However, we really get enthusiastic when it comes to the pleasant typing qualities. The Latitude's key bed is fitted absolutely tight, even over the DVD drive. It bids the typist a firm stroke (not hard). The keys are non-slip and the fingers can find their way around accurately due to the clear, conic concavity. On the whole, Dell has succeeded in implementing the advantages of a large desktop keyboard as good as possible into a 15.6 incher. The keyboard backlight is not included in our low priced E6520 version.

Touchpad

The ode of praise continues with the mouse replacement. Dell speaks of dual pointing because there is a point stick (3 keys) in addition to the multi-touchpad. This dual mouse input device is also standard in ThinkPads and HP's Elitebooks. The hands don't have to leave the keyboard to move the pointer. Instead they move the mouse from where they are. This increases the work speed.

Touchpad use is convincing across the bench. The noiselessness and the large, smooth key drop ensure fast use. The touch surface is pleasantly smooth, but not slippery. The pad is sufficiently sized with a diameter of 9.1 centimeters. It is sensitive up to its edges and can be individually modified (scroll bars, gestures, sensitivity).

Accurate keyboard
Accurate keyboard
due to concave keys
due to concave keys
Touchpad combined with
Touchpad combined with
a Trackpoint
a Trackpoint
224
cd/m²
231
cd/m²
220
cd/m²
222
cd/m²
235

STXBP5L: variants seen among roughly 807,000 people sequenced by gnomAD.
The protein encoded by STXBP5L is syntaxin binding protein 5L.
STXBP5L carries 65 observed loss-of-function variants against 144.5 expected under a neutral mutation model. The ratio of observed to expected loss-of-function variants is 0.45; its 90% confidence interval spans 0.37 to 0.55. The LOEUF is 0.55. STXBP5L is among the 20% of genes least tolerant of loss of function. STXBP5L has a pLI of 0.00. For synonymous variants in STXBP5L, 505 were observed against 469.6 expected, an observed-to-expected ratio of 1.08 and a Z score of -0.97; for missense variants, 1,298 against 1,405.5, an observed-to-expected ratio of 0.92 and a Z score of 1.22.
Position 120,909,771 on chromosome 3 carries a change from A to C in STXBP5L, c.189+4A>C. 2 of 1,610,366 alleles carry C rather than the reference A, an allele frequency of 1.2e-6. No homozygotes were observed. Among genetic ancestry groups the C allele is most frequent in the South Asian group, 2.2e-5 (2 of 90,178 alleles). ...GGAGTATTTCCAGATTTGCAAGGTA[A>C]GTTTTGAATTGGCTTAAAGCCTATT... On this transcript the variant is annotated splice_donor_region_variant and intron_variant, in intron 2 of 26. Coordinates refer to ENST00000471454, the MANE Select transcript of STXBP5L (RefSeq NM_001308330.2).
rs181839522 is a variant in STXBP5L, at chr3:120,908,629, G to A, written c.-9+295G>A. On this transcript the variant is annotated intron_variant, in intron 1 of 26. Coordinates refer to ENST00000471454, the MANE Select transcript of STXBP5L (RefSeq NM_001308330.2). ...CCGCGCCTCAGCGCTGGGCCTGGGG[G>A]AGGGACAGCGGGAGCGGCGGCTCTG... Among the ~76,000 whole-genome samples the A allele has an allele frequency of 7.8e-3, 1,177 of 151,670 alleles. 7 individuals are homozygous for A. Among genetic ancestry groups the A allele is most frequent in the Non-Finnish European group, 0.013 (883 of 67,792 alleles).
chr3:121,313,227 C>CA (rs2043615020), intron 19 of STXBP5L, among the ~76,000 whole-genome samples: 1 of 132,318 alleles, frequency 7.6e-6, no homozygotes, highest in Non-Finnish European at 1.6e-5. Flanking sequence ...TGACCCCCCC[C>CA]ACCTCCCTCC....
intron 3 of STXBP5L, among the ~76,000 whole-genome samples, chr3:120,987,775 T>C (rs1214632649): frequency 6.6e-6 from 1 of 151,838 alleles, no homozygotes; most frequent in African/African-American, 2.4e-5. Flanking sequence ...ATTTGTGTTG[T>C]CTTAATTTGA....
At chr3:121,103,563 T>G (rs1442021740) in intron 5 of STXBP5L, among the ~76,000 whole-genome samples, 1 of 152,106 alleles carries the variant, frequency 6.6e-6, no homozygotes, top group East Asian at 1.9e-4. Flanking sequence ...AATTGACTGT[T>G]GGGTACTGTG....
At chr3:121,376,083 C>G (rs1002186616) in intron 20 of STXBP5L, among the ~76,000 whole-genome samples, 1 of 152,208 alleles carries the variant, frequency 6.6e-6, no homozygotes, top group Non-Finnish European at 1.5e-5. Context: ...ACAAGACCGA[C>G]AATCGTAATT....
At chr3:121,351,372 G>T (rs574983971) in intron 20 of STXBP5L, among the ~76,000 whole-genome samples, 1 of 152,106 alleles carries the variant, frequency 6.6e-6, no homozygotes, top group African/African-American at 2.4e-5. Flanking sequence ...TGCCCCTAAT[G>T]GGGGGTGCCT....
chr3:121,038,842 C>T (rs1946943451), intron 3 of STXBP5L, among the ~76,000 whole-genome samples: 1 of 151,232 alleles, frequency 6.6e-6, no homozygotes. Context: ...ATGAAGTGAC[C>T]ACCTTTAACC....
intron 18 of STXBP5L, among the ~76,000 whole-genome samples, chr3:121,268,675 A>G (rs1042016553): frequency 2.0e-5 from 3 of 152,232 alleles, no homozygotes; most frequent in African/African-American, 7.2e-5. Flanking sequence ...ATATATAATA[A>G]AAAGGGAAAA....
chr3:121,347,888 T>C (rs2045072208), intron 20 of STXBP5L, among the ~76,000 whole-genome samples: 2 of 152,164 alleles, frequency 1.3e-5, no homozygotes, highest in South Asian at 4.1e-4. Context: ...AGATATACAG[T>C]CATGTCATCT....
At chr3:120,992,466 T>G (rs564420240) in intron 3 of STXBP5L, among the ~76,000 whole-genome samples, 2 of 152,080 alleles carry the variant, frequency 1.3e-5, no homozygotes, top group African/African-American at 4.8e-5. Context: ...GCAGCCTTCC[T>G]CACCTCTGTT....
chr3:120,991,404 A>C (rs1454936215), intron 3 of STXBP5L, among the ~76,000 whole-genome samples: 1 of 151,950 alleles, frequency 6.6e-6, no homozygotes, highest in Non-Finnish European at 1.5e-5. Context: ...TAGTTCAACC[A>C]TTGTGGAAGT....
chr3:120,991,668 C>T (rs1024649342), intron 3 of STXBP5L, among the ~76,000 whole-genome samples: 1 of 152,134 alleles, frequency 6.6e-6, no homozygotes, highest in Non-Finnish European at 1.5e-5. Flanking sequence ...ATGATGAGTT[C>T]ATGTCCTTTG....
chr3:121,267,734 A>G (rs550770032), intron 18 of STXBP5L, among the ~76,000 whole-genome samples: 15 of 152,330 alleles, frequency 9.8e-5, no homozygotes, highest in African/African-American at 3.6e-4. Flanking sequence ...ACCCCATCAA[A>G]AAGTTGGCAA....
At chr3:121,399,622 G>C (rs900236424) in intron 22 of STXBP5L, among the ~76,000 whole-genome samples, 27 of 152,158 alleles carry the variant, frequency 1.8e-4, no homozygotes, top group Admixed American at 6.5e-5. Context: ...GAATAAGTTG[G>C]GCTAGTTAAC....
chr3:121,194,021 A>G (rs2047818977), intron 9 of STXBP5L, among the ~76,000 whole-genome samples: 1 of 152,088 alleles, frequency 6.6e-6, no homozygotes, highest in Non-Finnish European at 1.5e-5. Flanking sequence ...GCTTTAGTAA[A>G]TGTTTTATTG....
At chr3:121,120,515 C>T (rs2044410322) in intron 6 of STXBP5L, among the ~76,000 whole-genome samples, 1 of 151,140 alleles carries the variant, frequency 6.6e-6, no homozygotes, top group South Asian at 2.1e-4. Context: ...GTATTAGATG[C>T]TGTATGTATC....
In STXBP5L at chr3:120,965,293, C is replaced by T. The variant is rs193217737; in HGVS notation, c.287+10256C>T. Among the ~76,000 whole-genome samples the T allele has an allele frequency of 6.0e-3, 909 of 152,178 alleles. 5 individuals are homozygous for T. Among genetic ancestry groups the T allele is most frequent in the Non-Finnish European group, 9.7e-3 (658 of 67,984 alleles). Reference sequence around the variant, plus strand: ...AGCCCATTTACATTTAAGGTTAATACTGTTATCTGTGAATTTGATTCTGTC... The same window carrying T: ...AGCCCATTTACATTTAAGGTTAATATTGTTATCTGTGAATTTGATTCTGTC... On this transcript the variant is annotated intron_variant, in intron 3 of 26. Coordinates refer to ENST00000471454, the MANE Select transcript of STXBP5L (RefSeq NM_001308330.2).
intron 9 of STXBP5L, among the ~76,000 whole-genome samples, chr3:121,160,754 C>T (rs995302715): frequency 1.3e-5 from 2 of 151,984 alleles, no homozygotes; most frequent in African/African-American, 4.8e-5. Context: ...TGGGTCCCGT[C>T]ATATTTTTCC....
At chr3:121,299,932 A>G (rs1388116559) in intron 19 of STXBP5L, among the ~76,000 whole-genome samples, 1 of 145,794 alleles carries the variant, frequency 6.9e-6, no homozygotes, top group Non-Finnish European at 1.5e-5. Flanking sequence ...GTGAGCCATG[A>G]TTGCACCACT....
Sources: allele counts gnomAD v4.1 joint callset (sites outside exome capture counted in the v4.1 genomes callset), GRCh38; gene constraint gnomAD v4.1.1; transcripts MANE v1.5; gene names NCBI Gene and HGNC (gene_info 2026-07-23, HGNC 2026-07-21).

cd/m²
221
cd/m²
221
cd/m²
224
cd/m²
214
cd/m²
Distribution of brightness
Information
Gossen Mavo-Monitor
Maximum: 235 cd/m²
Average: 223.6 cd/m²
Brightness Distribution: 91 %
Center on Battery: 195 cd/m²
Black: 1.93 cd/m²
Contrast: 122:1

Display

The matt LED screen (model: PPCTF-156WH4, no manufacturer data) has a resolution of 1366x768 pixels in consumer style (16:9). The 4:3 business format hasn't only become obsolete by Dell. The WXGA resolution (HD Ready) has a coarse resolution for a 15.6 incher. However, it could be the right choice depending on the user's requirements. The majority of users, or professionals, will opt for the optional 1600x900 or 1920x1080 pixel resolution (HD+/FHD, +29/49 euros).

The assessed black value is 1.93 cd/m2 which results in a very poor contrast of 122:1. The HD screen's color spectrum is small. AdobeRGB (t) is missed clearly and the same applies to the sRGB (t). We present the E6520's optional Full HD screen (t) for comparison (third picture). The Full HD display at least covers the sRGB completely (see review: E6520 i7/FHD). We can't make predictions about the HD+ alternative. Dell speaks of a "premium display".

ICC Latitude E6520 vs. AdobeRGB (t)
ICC Latitude E6520 vs. AdobeRGB (t)
ICC Latitude E6520 vs. sRGB (t)
ICC Latitude E6520 vs. sRGB (t)
ICC Latitude E6520 vs. E6520 FHD (t)
ICC Latitude E6520 vs. E6520 FHD (t)

The anti-reflective WXGA screen and the viable average brightness of 223 cd/m2 create the basis for daylight use. However, we quickly notice that the brightness could be much better in direct sunlight. Moreover, the narrow viewing angles become obvious in the sun. Thus, the E6520 isn't the perfect companion for use in the park or in the café, but it is useable.